Shallow, intermediate, and deep overturning components of the global heat budget

Citation:
Talley, LD.  2003.  Shallow, intermediate, and deep overturning components of the global heat budget. Journal of Physical Oceanography. 33:530-560.

Date Published:

Mar

Keywords:

circulation, flow patterns, hydrographic data, indian-ocean, large-scale, north-atlantic ocean, pacific-ocean, south-atlantic, thermohaline circulation, total geostrophic circulation, world ocean

Abstract:

The ocean's overturning circulation and associated heat transport are divided into contributions based on water mass ventilation from 1) shallow overturning within the wind-driven subtropical gyres to the base of the thermocline, 2) overturning into the intermediate depth layer (500-2000 m) in the North Atlantic and North Pacific, and 3) overturning into the deep layers in the North Atlantic (Nordic Seas overflows) and around Antarctica. The contribution to South Pacific and Indian heat transport from the Indonesian Throughflow is separated from that of the subtropical gyres and is small. A shallow overturning heat transport of 0.6 PW dominates the 0.8-PW total heat transport at 24degreesN in the North Pacific but carries only 0.1-0.4 PW of the 1.3-PW total in the North Atlantic at 24degreesN. Shallow overturning heat transports in the Southern Hemisphere are also poleward: -0.2 to -0.3 PW southward across 30degreesS in each of the Pacific and Indian Oceans but only -0.1 PW in the South Atlantic. Intermediate water formation of 2 and 7 Sv (1 Sv = 10(6) m(3) s(-1)) carries 0.1 and 0.4 PW in the North Pacific and Atlantic, respectively, while North Atlantic Deep Water formation of 19 Sv carries 0.6 PW. Because of the small temperature differences between Northern Hemisphere deep waters that feed the colder Antarctic Bottom Water (Lower Circumpolar Deep Water), the formation of 22 Sv of dense Antarctic waters is associated with a heat transport of only -0.14 PW across 30degreesS (all oceans combined). Upwelling of Circumpolar Deep Water north of 30degreesS in the Indian (14 Sv) and South Pacific (14 Sv) carries -0.2 PW in each ocean.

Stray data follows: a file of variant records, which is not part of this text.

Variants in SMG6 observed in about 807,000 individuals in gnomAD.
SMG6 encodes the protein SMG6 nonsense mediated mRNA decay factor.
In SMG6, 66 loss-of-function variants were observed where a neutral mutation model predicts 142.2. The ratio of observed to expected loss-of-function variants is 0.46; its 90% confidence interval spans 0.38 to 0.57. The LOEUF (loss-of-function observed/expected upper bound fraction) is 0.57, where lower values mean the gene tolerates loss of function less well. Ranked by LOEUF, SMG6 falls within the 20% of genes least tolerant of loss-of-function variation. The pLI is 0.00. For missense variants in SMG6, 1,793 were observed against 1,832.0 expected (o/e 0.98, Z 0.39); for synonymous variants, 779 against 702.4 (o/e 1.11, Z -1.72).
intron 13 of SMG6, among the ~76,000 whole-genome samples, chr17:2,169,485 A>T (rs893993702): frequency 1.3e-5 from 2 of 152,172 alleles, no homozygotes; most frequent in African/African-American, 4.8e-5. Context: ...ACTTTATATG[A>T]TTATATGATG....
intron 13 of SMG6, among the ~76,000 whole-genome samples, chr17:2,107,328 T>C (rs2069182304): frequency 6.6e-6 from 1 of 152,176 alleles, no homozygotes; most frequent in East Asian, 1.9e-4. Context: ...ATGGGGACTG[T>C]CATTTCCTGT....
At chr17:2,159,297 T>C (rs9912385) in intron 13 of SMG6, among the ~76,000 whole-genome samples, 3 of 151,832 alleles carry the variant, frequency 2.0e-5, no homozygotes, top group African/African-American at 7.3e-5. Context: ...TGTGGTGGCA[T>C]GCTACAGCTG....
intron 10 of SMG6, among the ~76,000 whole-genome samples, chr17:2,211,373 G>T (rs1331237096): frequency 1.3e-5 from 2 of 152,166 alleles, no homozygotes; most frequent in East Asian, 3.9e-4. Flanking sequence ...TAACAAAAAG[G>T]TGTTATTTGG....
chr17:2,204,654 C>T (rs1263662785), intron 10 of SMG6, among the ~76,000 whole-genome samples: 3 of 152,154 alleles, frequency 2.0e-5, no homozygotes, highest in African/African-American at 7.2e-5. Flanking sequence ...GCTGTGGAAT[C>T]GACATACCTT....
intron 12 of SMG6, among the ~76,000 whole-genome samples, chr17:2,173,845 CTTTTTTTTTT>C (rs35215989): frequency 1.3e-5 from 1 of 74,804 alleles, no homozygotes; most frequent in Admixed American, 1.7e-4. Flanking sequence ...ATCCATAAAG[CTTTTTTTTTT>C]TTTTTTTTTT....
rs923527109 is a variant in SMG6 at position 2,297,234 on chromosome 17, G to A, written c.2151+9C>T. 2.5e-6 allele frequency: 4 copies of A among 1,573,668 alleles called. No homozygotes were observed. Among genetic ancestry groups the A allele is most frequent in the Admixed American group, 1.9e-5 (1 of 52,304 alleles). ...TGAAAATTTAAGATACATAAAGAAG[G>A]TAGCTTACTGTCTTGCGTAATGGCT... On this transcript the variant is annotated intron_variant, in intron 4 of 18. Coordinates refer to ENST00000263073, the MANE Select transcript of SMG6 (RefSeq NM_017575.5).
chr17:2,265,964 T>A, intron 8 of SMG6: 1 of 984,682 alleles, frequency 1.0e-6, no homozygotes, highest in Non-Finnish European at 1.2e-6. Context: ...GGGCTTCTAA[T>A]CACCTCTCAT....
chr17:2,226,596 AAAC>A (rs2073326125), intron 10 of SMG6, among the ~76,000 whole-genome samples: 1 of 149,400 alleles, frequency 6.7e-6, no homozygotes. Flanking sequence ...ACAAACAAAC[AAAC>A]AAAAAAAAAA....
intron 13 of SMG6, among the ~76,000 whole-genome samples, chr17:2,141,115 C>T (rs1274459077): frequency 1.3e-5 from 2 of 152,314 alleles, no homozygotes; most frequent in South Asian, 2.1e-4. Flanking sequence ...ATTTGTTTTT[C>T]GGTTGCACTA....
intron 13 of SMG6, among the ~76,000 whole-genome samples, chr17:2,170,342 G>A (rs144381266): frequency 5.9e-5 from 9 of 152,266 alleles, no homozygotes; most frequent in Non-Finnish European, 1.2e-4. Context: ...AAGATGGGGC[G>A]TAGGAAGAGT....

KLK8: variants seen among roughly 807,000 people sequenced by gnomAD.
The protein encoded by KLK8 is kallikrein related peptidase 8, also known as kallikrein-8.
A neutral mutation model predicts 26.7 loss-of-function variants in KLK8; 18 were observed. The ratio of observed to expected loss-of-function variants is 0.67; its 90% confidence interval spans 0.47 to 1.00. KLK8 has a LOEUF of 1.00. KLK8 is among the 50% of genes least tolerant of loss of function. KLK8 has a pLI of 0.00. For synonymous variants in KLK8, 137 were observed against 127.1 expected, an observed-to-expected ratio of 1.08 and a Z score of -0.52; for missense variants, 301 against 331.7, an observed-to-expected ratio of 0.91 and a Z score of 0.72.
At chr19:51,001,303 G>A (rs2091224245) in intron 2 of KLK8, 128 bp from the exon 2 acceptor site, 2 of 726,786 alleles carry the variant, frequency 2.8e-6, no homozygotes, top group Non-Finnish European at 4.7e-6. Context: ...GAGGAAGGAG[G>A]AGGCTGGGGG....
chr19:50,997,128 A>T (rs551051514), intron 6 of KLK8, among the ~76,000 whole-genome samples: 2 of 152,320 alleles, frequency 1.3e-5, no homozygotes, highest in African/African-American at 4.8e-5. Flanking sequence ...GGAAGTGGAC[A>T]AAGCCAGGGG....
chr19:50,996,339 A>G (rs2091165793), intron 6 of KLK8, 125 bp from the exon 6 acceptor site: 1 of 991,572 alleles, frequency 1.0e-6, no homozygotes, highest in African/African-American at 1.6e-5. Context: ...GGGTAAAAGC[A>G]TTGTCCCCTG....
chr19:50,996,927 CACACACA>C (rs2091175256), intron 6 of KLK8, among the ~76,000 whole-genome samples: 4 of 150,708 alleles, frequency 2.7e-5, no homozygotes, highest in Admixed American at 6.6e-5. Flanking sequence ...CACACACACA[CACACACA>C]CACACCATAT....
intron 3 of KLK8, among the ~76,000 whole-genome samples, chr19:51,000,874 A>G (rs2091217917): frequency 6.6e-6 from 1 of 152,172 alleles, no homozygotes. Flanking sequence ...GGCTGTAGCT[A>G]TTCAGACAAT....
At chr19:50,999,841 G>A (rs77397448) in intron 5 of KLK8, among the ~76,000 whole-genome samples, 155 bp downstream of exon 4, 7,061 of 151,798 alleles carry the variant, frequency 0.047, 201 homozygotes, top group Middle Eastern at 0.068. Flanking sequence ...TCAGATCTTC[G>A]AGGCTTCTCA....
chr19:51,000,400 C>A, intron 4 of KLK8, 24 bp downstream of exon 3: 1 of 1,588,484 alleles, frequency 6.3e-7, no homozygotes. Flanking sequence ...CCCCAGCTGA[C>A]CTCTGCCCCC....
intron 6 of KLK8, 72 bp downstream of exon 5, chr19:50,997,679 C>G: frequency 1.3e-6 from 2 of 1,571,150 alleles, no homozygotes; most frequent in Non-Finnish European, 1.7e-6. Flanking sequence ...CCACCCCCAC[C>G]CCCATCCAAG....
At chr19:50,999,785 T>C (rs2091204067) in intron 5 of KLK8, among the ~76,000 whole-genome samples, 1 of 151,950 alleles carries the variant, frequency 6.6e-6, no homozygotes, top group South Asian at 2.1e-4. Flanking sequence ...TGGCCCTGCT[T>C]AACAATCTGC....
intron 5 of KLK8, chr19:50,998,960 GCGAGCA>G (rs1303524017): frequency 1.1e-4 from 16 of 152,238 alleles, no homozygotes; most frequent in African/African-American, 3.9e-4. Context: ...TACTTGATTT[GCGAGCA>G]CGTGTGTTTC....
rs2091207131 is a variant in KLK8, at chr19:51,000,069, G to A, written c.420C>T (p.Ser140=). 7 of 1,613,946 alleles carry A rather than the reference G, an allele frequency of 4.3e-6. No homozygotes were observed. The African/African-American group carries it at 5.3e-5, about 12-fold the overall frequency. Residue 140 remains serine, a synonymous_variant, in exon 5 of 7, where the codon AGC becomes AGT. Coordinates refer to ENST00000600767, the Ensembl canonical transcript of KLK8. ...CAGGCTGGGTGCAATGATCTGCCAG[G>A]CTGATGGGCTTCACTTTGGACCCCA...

Notes:

n/a

Website

DOI:

10.1175/1520-0485(2003)033<0530:siadoc>2.0.co;2